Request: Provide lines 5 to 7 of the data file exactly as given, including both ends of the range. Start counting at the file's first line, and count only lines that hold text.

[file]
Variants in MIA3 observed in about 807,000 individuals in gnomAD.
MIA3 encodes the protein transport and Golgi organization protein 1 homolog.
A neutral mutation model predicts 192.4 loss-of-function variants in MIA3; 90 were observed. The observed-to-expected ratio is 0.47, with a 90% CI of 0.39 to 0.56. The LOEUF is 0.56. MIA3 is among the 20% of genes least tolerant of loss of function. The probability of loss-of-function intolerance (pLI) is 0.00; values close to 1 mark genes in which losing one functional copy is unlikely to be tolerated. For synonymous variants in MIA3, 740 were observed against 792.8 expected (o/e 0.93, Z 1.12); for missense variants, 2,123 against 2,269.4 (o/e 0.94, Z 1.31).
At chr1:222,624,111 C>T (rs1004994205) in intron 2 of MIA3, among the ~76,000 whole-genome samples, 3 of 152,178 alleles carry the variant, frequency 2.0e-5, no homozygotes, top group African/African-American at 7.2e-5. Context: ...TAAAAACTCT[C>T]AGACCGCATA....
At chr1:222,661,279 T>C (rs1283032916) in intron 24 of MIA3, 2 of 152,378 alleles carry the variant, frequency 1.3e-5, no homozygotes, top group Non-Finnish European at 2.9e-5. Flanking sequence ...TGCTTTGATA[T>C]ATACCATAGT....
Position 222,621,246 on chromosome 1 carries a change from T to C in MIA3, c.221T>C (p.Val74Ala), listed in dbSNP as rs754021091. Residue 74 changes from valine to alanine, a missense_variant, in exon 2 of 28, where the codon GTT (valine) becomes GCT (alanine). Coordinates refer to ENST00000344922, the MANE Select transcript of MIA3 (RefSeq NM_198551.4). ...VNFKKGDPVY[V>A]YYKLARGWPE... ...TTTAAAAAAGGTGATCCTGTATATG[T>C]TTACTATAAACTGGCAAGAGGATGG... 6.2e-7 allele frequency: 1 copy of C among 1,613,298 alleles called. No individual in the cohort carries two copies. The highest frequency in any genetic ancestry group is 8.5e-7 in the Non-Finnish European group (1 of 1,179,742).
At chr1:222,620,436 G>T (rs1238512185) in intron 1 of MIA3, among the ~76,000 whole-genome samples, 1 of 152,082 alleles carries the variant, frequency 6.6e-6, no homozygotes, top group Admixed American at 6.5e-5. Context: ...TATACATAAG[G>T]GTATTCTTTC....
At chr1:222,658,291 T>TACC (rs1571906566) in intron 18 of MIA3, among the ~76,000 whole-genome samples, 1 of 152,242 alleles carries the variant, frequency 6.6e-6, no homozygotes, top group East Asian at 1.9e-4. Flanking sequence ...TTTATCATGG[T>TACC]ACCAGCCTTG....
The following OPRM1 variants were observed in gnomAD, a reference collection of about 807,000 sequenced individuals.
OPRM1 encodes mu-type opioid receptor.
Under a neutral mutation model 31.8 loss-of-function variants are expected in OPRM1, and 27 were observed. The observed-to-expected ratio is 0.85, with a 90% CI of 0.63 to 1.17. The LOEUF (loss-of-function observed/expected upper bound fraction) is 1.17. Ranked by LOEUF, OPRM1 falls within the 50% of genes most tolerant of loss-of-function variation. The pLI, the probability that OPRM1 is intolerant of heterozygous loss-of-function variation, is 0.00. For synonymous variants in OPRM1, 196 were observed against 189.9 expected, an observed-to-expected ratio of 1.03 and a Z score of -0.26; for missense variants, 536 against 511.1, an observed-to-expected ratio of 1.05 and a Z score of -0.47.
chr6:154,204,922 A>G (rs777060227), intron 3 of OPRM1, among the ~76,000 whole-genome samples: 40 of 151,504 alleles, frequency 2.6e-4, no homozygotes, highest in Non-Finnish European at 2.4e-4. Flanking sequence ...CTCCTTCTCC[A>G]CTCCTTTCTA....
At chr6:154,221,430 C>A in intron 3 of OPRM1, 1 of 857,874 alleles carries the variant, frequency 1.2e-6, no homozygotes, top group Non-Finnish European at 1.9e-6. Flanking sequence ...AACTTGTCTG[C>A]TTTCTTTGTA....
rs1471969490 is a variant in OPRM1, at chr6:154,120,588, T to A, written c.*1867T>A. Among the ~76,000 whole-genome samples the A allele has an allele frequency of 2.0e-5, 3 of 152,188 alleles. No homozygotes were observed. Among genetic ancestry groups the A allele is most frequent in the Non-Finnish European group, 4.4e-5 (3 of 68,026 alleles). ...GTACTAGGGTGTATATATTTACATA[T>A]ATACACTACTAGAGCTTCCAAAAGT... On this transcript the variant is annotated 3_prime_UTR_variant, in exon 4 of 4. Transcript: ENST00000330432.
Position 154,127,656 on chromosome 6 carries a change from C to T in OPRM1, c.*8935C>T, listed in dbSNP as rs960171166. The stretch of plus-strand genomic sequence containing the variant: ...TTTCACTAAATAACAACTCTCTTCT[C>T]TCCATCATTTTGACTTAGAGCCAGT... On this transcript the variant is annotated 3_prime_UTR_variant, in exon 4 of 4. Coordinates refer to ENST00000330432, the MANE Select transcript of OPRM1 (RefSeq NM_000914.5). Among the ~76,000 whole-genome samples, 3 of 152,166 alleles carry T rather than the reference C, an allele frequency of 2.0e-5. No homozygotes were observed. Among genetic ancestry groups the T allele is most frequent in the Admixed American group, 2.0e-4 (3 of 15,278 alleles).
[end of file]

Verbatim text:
At chr1:222,661,279 T>C (rs1283032916) in intron 24 of MIA3, 2 of 152,378 alleles carry the variant, frequency 1.3e-5, no homozygotes, top group Non-Finnish European at 2.9e-5. Flanking sequence ...TGCTTTGATA[T>C]ATACCATAGT....
Position 222,621,246 on chromosome 1 carries a change from T to C in MIA3, c.221T>C (p.Val74Ala), listed in dbSNP as rs754021091. Residue 74 changes from valine to alanine, a missense_variant, in exon 2 of 28, where the codon GTT (valine) becomes GCT (alanine). Coordinates refer to ENST00000344922, the MANE Select transcript of MIA3 (RefSeq NM_198551.4). ...VNFKKGDPVY[V>A]YYKLARGWPE... ...TTTAAAAAAGGTGATCCTGTATATG[T>C]TTACTATAAACTGGCAAGAGGATGG... 6.2e-7 allele frequency: 1 copy of C among 1,613,298 alleles called. No individual in the cohort carries two copies. The highest frequency in any genetic ancestry group is 8.5e-7 in the Non-Finnish European group (1 of 1,179,742).
At chr1:222,620,436 G>T (rs1238512185) in intron 1 of MIA3, among the ~76,000 whole-genome samples, 1 of 152,082 alleles carries the variant, frequency 6.6e-6, no homozygotes, top group Admixed American at 6.5e-5. Context: ...TATACATAAG[G>T]GTATTCTTTC....